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February 22, 2019, 02:18:10 pm
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Reclaiming Cutting Oil~ What Works Best for You?

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Author Topic: Reclaiming Cutting Oil~ What Works Best for You?  (Read 1241 times)
MrsWTownsend
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« on: April 14, 2011, 02:23:55 pm »

I have been looking through the forum and online for methods of reclaiming cutting oil that has been removed from the saw trough.  So far I have found 2 methods; hulagrub made a comment in a thread about using his wife's terry cloth towel and I found a page last night that told how to use a paper bag and drain into a 5 gallon bucket.  I will search that up again and link it:

http://rocktumblers.blogspot.com/2007/09/how-to-recycle-cutting-oil-in-your-rock.html

Do they even make paper bags for the grocery store any more?

I am interested in learning how/what you all find works best for you.
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mirkaba
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« Reply #1 on: April 14, 2011, 03:09:27 pm »

I can't get paper bags at the grocery. Found some at the dollar store. Got a big box full of old style vacuum cleaner bags at the thrift store. They work really well but take a long time to filter.
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« Reply #2 on: April 14, 2011, 03:14:17 pm »

Has anyone tried using perhaps a restaurant grade coffee filter?  That may work OK for a drain style oil filter.   dunno  You could use a small plastic bucket ( 2 - 2 1/2 gal)with holes drilled in the bottom of it and set that on top of your 5 gallon bucket.  Just a thought.
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deb193
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« Reply #3 on: April 14, 2011, 03:42:41 pm »

I still get grocery bags when requested, and over a few weeks it drains very well. You do need to support the bag in one bucket, and have it room to drain down into another. Double bagging might be advised. Done this for several years now.

Decades ago, in high school, I worked for KFC, and we filtered cooking oil through an apparatus that used a coffee-like filter on a mesh screen - but the oil got sucked through with the force of a pump. No clue how coffee filters would work in a gravity system.

Best of luck.
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« Reply #4 on: April 14, 2011, 04:29:48 pm »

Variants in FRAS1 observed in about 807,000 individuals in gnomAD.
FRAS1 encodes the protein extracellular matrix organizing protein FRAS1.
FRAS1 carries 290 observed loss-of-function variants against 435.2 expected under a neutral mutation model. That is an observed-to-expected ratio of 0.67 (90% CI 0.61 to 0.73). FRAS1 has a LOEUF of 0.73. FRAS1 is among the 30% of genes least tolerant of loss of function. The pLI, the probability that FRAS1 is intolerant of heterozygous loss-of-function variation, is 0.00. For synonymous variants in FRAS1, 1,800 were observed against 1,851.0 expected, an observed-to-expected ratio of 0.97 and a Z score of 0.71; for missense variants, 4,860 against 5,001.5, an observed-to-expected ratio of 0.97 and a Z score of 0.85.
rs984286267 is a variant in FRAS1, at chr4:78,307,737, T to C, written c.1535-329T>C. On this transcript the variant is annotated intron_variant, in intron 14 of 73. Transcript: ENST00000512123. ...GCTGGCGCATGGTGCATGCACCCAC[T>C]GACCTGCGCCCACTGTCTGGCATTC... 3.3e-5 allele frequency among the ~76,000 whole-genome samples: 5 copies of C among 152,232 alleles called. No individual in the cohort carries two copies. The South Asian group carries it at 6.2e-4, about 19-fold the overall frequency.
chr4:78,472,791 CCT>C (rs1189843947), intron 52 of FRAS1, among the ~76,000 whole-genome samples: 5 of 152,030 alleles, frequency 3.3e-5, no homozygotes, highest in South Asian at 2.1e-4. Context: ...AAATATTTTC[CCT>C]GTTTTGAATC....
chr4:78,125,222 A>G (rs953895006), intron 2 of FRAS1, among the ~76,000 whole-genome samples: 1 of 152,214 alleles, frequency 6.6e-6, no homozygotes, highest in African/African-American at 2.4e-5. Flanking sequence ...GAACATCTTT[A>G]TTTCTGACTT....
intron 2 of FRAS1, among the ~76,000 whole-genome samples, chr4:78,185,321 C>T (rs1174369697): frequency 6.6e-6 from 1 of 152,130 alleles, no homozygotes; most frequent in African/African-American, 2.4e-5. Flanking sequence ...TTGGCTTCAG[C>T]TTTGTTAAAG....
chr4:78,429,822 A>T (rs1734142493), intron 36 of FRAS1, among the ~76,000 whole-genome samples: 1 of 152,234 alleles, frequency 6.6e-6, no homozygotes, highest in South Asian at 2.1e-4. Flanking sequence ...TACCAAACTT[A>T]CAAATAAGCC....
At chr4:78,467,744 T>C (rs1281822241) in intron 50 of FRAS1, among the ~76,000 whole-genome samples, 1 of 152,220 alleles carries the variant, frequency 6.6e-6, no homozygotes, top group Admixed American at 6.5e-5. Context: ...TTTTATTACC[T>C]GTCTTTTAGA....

5 gallon bucket with the bottom cut out. Go to a paint store and buy a paint screen. Paint screen fits a 5 gallon bucket perfectly. Six small clamps holding the screen in place for extra support. This works best if you have a 50 gallon oil container to use as a reservoir for the recyled oil. Any mechanic shop or Ski resort...lol  you can pick up an empty 50 gallon container.

Jason
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hulagrub
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« Reply #5 on: April 14, 2011, 05:53:22 pm »

A handi-wipe in the bottom of a bucket, that has some holes drilled in it works good. Let gravity do it's job. Support it so it will drain into another bucket.
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« Reply #6 on: April 14, 2011, 06:40:09 pm »

I use old pillow cases.  I put one inside a 5 gallon bucket and use a plastic container to scrape "mud" out of the bottom of the saw.  When the bucket is about 1/2 full I hang the pilllow case up on a chain pulled up to the top of the bucket.  I let it sit that way for weeks and then pull it out and put it and the now "clay" in it into a plastic trash bag and in with the trash.  I get about a gallon of clean oil back for reuse.  I get the pillow cases for 50 cents at the local Goodwill store.
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« Reply #7 on: April 14, 2011, 10:15:45 pm »

Most  grocery stores will put your items in a paper bag if you request it. I use two bags, one inside the other in a 5 gallon plastic bucket with some 1" holes drilled in the bottom. I take a plastic bucket lid and drill similar holes in it and put it on another 5 gallon plastic bucket. The first bucket sits on the perforated lid on the bottom bucket. It takes about four weeks to fully filter through the bags. I change oil about every two months so everything works out well. I get about a 85% return of filtered oil.